The script, such as it was, existed mostly in theory: in response to Newton-John’s later claim that the film was being rewritten on the hoof, director Robert Greenwald tartly corrected, “It was being written on the hoof.” Its slender premise offered us Newton-John as the muse Terpsichore, brought to Earth as a sparkly wheel-footed dream girl for the sole purpose of helping feckless artist Sonny (Michael Beck) and washed-up big band leader Danny (Kelly) to realise their joint dream of opening a glam-rock-swing roller-disco in a disused Los Angeles auditorium. Terpsichore – nicknamed Kira, for reasons that make as much sense as her wardrobe of pastel dust-ruffle dresses and leg warmers – tells us that she has acted as muse to Michelangelo, Shakespeare and Beethoven in the past; this, however, is the project in which she finally feels emotional investment. The bar for character development and motivation in this kind of bauble is low: Xanadu never remotely rises to it.
Yet it’s as a screen musical that Xanadu fails most peculiarly, in spite of a slick, catchy songbook: 50% Olivia Newton-John and 50% Electric Light Orchestra, as if the film forgot its old-meets-new formula at the composition stage and simply opted to pit two disparate pop acts against each other. Thirty minutes pass before a full-scale musical number crops up in Xanadu: an Old Hollywood swing number between Newton-John and Kelly that’s at once the most polished thing here and makes the least sense in the context of the shambolic whole.
For the most part, Xanadu’s songs simply exist as incidental background music: Newton-John had a colossal No 1 hit in the US with the faintly hypnotic mid-tempo love song Magic, yet it’s never sung on screen, serving as audio filler for one of many swirly roller-skating scenes. ELO’s Don’t Walk Away is entirely extraneous accompaniment to an entirely extraneous fantasy cartoon reverie, beautifully animated by Don Bluth, that could be lifted wholesale from the film without a jot of difference to its shape or pace: at this point, Xanadu has become film-making by dartboard. The choreographed showpiece numbers fare no better, staged and edited to show hectic bustle but no distinct movement, and haphazard in construction throughout. You surely remember Xanadu’s film-closing title song: you may not recall that it’s presented in the film with leather-rock and country-and-western breakdowns in the middle for no discernible reason.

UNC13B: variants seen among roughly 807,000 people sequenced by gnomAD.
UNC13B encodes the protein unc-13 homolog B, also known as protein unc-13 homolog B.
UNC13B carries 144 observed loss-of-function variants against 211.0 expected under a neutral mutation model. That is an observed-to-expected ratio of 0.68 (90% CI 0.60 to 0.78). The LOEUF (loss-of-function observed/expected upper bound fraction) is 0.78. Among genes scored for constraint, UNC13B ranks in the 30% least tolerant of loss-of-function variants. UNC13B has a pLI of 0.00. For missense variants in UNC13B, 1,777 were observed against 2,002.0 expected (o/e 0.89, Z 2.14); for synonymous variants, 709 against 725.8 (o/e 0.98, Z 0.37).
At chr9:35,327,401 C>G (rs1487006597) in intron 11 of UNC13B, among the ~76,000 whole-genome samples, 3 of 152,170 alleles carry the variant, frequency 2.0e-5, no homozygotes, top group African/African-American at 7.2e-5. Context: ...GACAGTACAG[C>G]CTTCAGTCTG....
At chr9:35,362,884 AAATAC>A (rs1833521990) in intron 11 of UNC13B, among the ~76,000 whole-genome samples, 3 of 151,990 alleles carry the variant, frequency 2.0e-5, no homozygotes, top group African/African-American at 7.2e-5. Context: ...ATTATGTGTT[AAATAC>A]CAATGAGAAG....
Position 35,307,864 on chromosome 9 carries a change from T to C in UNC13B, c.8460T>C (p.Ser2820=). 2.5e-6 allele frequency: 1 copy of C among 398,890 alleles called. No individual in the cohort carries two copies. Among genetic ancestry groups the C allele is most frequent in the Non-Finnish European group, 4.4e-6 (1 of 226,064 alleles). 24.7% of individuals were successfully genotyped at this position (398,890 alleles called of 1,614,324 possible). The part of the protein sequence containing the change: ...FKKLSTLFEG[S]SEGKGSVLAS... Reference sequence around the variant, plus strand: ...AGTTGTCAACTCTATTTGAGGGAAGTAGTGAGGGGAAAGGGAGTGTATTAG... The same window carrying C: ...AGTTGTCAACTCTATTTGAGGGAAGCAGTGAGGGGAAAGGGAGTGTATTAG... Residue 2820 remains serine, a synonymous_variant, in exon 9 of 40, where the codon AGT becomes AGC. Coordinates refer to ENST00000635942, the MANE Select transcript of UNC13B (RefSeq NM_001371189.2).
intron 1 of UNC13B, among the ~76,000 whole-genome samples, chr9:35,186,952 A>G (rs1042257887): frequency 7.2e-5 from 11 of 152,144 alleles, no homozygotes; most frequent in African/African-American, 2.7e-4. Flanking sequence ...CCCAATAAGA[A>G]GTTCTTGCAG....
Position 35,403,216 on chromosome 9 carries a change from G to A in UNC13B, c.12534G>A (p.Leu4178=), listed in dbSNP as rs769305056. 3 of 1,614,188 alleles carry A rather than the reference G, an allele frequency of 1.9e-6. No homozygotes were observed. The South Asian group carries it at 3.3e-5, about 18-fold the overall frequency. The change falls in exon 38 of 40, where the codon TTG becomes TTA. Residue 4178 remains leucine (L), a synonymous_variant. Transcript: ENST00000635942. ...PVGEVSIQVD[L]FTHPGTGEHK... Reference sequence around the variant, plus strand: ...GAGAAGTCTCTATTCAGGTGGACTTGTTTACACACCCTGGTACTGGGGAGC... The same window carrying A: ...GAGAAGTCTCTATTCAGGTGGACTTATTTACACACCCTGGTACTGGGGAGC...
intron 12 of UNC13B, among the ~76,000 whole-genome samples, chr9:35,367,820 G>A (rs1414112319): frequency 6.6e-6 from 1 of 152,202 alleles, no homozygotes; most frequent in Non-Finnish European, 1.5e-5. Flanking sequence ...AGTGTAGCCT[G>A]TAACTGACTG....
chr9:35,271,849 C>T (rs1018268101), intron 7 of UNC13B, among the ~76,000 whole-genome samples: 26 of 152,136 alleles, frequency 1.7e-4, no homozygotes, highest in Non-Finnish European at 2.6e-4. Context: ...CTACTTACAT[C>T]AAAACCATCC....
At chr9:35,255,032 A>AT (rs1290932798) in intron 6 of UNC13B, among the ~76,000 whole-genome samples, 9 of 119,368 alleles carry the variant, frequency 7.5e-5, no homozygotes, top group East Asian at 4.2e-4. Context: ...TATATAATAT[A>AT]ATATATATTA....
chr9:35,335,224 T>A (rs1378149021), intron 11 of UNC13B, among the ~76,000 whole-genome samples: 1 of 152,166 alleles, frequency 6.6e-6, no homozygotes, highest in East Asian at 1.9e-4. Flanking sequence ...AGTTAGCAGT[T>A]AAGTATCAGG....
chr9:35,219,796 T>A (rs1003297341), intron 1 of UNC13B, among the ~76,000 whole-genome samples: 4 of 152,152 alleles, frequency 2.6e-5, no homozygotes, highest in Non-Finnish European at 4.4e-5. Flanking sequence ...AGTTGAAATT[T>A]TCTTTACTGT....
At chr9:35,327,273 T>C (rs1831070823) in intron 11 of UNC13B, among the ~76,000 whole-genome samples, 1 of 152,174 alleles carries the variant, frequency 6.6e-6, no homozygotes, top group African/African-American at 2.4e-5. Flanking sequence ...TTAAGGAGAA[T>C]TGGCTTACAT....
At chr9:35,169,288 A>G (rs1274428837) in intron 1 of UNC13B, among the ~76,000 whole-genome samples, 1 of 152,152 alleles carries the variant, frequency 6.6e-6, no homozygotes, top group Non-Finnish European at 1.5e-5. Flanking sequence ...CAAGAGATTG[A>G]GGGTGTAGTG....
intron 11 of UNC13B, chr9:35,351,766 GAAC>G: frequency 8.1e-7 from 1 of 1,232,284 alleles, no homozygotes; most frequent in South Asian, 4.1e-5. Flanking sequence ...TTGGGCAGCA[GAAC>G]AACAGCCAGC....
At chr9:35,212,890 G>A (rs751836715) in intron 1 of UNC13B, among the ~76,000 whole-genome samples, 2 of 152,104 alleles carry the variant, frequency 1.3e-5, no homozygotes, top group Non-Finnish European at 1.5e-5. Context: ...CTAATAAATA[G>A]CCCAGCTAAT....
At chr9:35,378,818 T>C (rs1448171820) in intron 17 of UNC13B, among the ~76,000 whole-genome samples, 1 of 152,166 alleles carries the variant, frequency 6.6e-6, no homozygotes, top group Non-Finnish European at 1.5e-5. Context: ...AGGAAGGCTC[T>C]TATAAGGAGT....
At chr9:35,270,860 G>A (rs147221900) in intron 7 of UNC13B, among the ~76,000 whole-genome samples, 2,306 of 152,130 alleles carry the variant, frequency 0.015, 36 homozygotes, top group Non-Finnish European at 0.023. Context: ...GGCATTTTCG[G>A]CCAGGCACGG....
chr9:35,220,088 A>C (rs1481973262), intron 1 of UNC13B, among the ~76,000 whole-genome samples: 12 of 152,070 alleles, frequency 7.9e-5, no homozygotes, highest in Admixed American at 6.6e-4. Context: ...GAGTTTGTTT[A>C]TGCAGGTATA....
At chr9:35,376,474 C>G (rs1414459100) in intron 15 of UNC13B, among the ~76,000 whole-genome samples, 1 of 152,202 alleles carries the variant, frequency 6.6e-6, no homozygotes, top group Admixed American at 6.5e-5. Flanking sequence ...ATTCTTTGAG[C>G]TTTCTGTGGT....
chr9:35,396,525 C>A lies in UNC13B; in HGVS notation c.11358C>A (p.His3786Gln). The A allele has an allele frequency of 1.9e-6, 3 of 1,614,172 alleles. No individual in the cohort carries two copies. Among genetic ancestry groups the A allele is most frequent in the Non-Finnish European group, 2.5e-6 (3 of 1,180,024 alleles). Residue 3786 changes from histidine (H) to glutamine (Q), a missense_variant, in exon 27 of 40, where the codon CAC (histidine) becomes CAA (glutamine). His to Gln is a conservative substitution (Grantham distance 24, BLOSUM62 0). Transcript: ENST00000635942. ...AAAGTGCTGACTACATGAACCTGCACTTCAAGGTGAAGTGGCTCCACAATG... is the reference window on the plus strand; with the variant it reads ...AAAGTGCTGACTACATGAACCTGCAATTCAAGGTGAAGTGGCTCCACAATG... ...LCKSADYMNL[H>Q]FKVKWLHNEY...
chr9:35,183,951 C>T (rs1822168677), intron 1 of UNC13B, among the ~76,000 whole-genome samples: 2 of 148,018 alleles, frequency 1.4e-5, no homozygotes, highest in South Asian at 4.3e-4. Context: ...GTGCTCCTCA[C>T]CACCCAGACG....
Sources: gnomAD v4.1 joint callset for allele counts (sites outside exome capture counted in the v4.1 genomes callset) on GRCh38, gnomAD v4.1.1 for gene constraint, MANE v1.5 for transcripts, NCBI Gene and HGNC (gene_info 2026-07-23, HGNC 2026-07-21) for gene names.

Xanadu’s sizable cult following will argue for it as a so-bad-it’s-good anomaly, though it’s more mesmerising than it is actually pleasurable: its mere existence is cause for fascination, yet there’s scarcely a human bone in its thrusting, misshapen body to love. It’s too freakish a one-off to have a palpable legacy, unless you count the substantial role it played in killing off the live-action film musical as a commercial force for a good two decades, at least until Moulin Rouge! revived the idea in its own hybrid, postmodern form, retaining maybe a strain of Xanadu’s queer, maximalist, poptacular DNA, but overwhelmed by a greater love for romantic golden-age varnish. It’s easier to treasure Xanadu as a mutant relic of a studio-movie age of risk, sometimes exhilarating and sometimes foolhardy: where substantial budgets were thrown at reckless ideas with zero franchise potential, whether they had been fully worked out or not.
The last major release to remind me of that kind of cavalier, grand-scale, what-was-anyone-thinking Hollywood folly was Tom Hooper’s demented, digital-fur-coated Cats: it’s unremittingly lousy too, but there’s something to love in the creative liberties it so extravagantly abused. There will never be another like it, just as there will never be another Xanadu, and as the long shadow of Covid-19 sends the film industry into rippling panic, you wonder when this kind of insanity, devised for the biggest and most gleaming of screens, will ever prevail again. “Guys like me shouldn’t dream anyway,” the film’s timber-brained hero mutters in its opening scene: 40 Xanadu years later, we have to agree, but we’re kind of glad he did.